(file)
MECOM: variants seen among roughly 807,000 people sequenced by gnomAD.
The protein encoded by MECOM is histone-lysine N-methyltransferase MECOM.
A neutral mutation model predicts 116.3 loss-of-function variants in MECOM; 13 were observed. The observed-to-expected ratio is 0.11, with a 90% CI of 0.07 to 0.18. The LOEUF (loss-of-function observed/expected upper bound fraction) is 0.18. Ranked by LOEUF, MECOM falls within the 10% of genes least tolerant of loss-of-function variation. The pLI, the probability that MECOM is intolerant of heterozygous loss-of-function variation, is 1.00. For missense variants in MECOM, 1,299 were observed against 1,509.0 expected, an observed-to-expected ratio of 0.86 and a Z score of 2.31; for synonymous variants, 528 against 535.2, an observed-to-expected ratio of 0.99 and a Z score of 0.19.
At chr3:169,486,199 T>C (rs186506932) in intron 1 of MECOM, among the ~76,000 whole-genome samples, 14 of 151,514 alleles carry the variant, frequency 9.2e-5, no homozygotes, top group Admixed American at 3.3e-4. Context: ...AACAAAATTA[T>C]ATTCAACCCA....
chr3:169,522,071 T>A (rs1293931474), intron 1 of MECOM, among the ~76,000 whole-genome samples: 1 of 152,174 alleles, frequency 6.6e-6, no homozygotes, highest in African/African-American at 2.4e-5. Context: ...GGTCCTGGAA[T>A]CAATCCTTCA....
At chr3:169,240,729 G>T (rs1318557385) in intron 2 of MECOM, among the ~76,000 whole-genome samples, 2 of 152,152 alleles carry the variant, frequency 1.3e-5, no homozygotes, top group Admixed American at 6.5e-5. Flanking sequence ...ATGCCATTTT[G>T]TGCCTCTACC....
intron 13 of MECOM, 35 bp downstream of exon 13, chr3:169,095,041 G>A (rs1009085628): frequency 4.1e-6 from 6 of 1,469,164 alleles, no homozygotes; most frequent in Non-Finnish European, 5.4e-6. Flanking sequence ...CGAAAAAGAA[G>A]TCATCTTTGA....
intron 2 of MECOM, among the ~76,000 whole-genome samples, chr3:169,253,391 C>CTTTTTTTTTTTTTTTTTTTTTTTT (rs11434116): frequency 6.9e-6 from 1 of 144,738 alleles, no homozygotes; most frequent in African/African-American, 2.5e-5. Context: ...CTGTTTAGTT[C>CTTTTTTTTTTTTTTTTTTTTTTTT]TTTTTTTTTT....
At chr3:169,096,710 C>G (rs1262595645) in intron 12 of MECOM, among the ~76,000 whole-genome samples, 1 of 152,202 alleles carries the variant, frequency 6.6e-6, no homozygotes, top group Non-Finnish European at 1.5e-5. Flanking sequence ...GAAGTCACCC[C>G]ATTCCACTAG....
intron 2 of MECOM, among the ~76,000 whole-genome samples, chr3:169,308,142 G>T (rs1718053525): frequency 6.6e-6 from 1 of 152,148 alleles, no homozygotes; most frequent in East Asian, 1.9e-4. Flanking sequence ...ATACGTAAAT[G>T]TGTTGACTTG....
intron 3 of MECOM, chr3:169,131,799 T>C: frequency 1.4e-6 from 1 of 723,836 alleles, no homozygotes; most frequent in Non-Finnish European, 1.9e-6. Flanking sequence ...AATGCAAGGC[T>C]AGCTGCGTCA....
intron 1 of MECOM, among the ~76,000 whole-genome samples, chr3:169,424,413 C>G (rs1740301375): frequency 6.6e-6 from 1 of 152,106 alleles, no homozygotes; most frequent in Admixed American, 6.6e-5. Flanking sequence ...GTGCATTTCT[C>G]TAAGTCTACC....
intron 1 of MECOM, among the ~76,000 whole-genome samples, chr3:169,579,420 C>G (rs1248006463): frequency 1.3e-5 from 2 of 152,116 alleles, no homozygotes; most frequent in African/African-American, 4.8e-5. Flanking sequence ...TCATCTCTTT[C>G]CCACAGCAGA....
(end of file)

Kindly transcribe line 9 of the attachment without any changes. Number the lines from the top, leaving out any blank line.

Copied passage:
At chr3:169,096,710 C>G (rs1262595645) in intron 12 of MECOM, among the ~76,000 whole-genome samples, 1 of 152,202 alleles carries the variant, frequency 6.6e-6, no homozygotes, top group Non-Finnish European at 1.5e-5. Flanking sequence ...GAAGTCACCC[C>G]ATTCCACTAG....